Unique brand identity design inspired by the intersection of two cultures


Inspiring Brand Identity Design

Regardless of the category, the most innovative, memorable and unique brand identities are often inspired by the intersection of two, unrelated parts of the proposition. With virtually every category crowded by ‘me-too’ competition, the valuable new space for brands is in segmenting a market with a second consumer oriented proposition. Habibis Taqueria (taco shop) in Monterrey, Mexico is an example of a brand who have found their differentiated niche in just this manner.

If you want to talk about carving a niche in a crowded market, you’d be hard pressed to find a bigger challenge than opening a taco shop in Mexico.  But that’s exactly what Habibis in the Mexican city Monterrey has done. The disruptive brand strategy for Habibis is simple, yet powerful – they found a unique and differentiated brand proposition at the point where the taco proposition intersected with an Arabian proposition.It turns out the city of Monterrey hosts a sizable Arab immigrant community, and that community is just as fond of the local tacos as everyone else. And-so we find the uniquely positioned Habibis brand – where taco culture meets Arabian culture.
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The Habibis brand identity is driven by the brand logotype – itself the perfect cross-pollination of Arabic and Latin-based typography design. The patterned texture that is a key element of the brand’s secondary visual language also has it’s roots in Arabic design. This palette of elements is given a contemporary flavor through the bold, clean use of black and white, highlighted with fluorescent green and contrasted with the natural tones of brown paper packaging. The result is a visual language that surprises with that rare combination of freshness and authenticity.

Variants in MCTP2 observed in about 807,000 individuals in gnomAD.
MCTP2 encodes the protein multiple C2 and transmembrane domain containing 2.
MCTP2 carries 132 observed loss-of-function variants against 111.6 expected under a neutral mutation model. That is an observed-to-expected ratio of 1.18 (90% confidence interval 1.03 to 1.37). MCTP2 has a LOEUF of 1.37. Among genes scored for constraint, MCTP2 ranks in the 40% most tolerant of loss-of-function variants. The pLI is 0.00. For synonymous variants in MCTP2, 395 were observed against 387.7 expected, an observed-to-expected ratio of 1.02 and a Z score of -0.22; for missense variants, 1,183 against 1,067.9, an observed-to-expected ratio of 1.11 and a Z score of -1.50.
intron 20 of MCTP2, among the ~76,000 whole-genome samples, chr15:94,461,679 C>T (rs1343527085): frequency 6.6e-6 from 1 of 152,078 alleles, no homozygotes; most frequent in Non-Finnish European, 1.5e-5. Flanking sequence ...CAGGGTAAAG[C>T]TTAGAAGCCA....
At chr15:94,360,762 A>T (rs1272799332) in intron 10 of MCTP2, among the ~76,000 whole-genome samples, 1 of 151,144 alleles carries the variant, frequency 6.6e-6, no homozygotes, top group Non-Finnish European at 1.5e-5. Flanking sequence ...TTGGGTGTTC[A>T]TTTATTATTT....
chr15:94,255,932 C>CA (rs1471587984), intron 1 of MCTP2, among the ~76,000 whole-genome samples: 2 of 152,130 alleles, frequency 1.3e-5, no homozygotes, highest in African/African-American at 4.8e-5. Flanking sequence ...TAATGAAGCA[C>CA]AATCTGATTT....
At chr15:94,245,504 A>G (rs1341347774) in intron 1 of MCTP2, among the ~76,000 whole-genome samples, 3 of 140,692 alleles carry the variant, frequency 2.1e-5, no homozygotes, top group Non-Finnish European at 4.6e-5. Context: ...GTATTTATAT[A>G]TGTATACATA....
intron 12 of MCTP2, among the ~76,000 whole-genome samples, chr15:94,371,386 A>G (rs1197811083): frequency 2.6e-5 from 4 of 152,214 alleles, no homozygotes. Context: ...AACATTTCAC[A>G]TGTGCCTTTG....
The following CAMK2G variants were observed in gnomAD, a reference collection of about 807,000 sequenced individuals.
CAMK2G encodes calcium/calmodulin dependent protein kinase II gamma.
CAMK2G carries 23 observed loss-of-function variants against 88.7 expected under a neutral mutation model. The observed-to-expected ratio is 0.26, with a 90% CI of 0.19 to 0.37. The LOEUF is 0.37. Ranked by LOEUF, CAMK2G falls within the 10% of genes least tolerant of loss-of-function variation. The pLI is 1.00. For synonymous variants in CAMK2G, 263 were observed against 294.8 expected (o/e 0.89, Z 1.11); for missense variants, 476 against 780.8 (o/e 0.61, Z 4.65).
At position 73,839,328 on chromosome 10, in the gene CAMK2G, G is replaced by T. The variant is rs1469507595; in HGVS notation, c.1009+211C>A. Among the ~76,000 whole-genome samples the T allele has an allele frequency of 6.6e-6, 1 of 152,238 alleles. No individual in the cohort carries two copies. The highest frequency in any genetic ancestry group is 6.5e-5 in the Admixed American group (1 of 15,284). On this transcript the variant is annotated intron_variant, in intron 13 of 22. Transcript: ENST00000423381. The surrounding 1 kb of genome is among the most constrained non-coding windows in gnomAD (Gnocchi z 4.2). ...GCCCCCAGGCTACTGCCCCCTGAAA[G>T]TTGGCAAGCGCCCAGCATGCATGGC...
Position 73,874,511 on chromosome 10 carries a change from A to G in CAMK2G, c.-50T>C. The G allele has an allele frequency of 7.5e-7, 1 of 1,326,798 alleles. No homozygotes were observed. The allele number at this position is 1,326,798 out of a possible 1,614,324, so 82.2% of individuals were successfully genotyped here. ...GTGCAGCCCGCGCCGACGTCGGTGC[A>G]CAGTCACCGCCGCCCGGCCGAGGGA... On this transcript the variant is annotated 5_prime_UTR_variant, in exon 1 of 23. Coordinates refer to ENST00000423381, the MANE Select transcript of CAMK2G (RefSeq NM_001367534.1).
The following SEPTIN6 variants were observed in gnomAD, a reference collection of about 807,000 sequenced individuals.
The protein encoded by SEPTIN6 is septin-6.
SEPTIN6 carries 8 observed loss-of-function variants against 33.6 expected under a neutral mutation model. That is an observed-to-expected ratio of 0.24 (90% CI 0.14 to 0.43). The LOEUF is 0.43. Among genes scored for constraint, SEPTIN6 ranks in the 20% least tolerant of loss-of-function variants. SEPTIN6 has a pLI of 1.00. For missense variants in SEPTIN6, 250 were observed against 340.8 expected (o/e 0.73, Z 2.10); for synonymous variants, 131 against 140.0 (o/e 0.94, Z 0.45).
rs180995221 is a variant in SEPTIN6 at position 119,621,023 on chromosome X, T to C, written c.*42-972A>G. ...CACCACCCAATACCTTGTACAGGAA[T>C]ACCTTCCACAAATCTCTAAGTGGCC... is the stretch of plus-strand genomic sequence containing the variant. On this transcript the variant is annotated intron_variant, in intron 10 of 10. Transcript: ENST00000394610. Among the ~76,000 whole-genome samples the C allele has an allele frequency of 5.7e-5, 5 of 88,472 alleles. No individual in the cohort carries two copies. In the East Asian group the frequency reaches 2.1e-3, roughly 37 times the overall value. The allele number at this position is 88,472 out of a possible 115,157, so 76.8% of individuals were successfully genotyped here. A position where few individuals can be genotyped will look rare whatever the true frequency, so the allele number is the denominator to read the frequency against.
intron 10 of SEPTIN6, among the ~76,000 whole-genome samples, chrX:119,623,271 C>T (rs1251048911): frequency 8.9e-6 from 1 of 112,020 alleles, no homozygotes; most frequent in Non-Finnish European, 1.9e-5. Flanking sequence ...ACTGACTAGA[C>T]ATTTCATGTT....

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Created by local brand agency Anagrama, the Habibis identity “… adapts stylized Arabic calligraphy to a typical Mexican street setting, complete with neon colors and inexpensive materials, like craft paper bags. Deep research and careful understanding of the Arabic alphabet was needed to design, using calligraphic pens and special brushes, the various words and signage in both Arabic and Latin… The pattern is based on traditional keffiyeh (a Middle Eastern headdress fashioned from a square scarf) and gorgeously intrinsic mosaic patterns.”
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The opportunity this project illustrates is not restricted to segmenting crowded markets through unexpected cultural propositions, but by seeking any unique sub-culture with relevance in a category. The examples of new categories formed through this approach are all around us – Skate Culture & Fashion, and Club culture & headphones, and Cycling Culture & Cafes to name a few.In this brave and challenging new world we find ourselves as business and brand owners, the intersection of unique and authentic is a powerful place to stake out your territory.
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Dave Ansett
Chief Cre­ator of Brands
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Images Source: Anagram
This story was first spotted on:www.psfk.com

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